PULLMAN, Wash.-- Washington State University researchers are working to prevent the extinction of salmon in Columbia Basin rivers by making sure the genetic record remains intact.
As several teams of WSU scientists study the various areas most often implicated in salmon decline: habitat degradation, harvesting, hydropower dams, and hatcheries, one of the teams is attempting to preserve the genetic diversity of the fish by establishing a Northwest salmon sperm repository. The work is being done in collaboration with the Nez Perce tribe and the University of Idaho.
WSU biologist Gary Thorgaard calls the project an insurance policy "Columbia Basin salmon and steelhead are locally adapted to their environment. Local strains are those that will survive the best and reproduce the best," said Thorgaard. "If we lose some of these strains or the population drops so low that inbreeding becomes a problem, then we will need to have an insurance policy to rebuild the runs in the future when the environment improves."
Since the initial sperm collection in 1992, tribal biologists have recorded a drop in the number of salmon spawning nests, called redds, in regional streams. This year's increases in returning salmon are largely hatchery fish, giving an overly positive impression that things are improving, Thorgaard said.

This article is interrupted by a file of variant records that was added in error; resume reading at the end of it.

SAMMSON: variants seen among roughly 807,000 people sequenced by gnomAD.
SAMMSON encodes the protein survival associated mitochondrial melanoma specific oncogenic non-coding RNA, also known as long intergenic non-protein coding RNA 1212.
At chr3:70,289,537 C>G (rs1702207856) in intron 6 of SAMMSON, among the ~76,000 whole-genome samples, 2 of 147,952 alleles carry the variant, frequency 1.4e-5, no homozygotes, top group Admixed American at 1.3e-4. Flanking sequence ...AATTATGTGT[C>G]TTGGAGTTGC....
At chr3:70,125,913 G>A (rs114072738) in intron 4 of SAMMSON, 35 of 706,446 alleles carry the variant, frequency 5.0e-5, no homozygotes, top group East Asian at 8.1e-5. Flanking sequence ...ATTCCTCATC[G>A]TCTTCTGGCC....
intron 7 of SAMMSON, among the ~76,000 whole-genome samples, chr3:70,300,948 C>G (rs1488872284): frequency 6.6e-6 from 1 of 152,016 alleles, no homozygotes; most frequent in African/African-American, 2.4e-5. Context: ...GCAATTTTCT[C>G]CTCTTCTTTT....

Tribal fishery staff net fish in Snake River salmon spawning tributaries, milk the sperm, and have it flown by small charter planes to Washington State and the University of Idaho, located eight miles apart in the Palouse area of Washington and Idaho. Once at the universities, the sperm is frozen. For safety, specimens from each male are stored in four receptacles-two each at both universities.
"There is no quick fix in dealing with salmon recovery," said Thorgaard. "We believe that the samples we are collecting and storing insure against the permanent loss of critical genetic material, and could to be very important in future recovery and restoration efforts."
Team members include Thorgaard; Paul Wheeler, a WSU research technician; University of Idaho biologist Joe Cloud, Nez Perce Tribe members and fish biologists Paul Kucera and Robyn Armstrong. Their work is supported by the Nez Perce Tribe, the Bonnevillle Power Administration and the U.S. Fish and Wildlife Service.
The above post is reprinted from materials provided by Washington State University. Note: Content may be edited for style and length.
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